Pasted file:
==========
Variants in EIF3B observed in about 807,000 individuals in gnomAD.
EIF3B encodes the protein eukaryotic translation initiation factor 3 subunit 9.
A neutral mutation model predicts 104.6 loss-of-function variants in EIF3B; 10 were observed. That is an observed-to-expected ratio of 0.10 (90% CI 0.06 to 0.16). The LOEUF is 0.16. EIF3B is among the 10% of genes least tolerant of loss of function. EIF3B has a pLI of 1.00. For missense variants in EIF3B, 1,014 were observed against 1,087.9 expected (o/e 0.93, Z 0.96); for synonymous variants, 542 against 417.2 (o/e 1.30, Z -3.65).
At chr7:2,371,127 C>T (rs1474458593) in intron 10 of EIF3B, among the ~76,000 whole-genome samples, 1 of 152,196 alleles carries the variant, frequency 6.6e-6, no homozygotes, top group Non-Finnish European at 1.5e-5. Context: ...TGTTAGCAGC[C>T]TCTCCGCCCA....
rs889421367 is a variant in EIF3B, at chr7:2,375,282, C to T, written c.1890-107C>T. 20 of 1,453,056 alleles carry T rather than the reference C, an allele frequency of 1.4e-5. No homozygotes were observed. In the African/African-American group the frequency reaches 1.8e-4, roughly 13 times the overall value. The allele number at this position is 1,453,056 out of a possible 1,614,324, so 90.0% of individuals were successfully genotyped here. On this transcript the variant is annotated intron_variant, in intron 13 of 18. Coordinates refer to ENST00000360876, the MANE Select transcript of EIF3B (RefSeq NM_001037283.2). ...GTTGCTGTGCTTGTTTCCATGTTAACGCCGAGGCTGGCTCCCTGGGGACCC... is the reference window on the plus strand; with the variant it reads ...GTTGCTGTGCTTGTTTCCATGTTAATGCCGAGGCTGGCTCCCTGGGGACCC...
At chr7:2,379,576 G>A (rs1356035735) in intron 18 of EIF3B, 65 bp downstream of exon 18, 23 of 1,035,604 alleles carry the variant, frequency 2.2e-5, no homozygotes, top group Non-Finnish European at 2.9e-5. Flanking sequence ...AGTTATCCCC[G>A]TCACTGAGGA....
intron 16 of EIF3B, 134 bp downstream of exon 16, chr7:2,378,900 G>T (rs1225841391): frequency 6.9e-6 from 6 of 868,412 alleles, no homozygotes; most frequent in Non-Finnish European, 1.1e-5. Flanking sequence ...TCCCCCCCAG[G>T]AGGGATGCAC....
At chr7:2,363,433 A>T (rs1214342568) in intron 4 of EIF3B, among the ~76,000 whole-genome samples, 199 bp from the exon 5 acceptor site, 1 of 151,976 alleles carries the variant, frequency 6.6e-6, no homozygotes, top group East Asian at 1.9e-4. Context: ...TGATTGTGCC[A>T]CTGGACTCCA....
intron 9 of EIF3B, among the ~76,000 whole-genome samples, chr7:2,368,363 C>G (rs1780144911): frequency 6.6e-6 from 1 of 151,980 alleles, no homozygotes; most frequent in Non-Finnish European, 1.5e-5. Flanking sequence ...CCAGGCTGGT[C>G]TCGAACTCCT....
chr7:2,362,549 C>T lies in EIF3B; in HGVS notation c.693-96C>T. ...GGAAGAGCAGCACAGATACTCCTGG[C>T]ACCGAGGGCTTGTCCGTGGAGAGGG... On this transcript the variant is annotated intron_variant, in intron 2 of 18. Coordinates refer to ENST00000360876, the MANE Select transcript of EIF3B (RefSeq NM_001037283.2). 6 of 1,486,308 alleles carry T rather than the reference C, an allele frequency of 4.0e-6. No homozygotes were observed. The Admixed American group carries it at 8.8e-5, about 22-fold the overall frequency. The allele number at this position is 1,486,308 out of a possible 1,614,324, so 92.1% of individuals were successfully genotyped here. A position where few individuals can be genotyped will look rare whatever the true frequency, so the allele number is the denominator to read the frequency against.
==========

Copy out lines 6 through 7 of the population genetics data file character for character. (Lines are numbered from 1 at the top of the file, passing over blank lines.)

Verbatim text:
At chr7:2,379,576 G>A (rs1356035735) in intron 18 of EIF3B, 65 bp downstream of exon 18, 23 of 1,035,604 alleles carry the variant, frequency 2.2e-5, no homozygotes, top group Non-Finnish European at 2.9e-5. Flanking sequence ...AGTTATCCCC[G>A]TCACTGAGGA....
intron 16 of EIF3B, 134 bp downstream of exon 16, chr7:2,378,900 G>T (rs1225841391): frequency 6.9e-6 from 6 of 868,412 alleles, no homozygotes; most frequent in Non-Finnish European, 1.1e-5. Flanking sequence ...TCCCCCCCAG[G>T]AGGGATGCAC....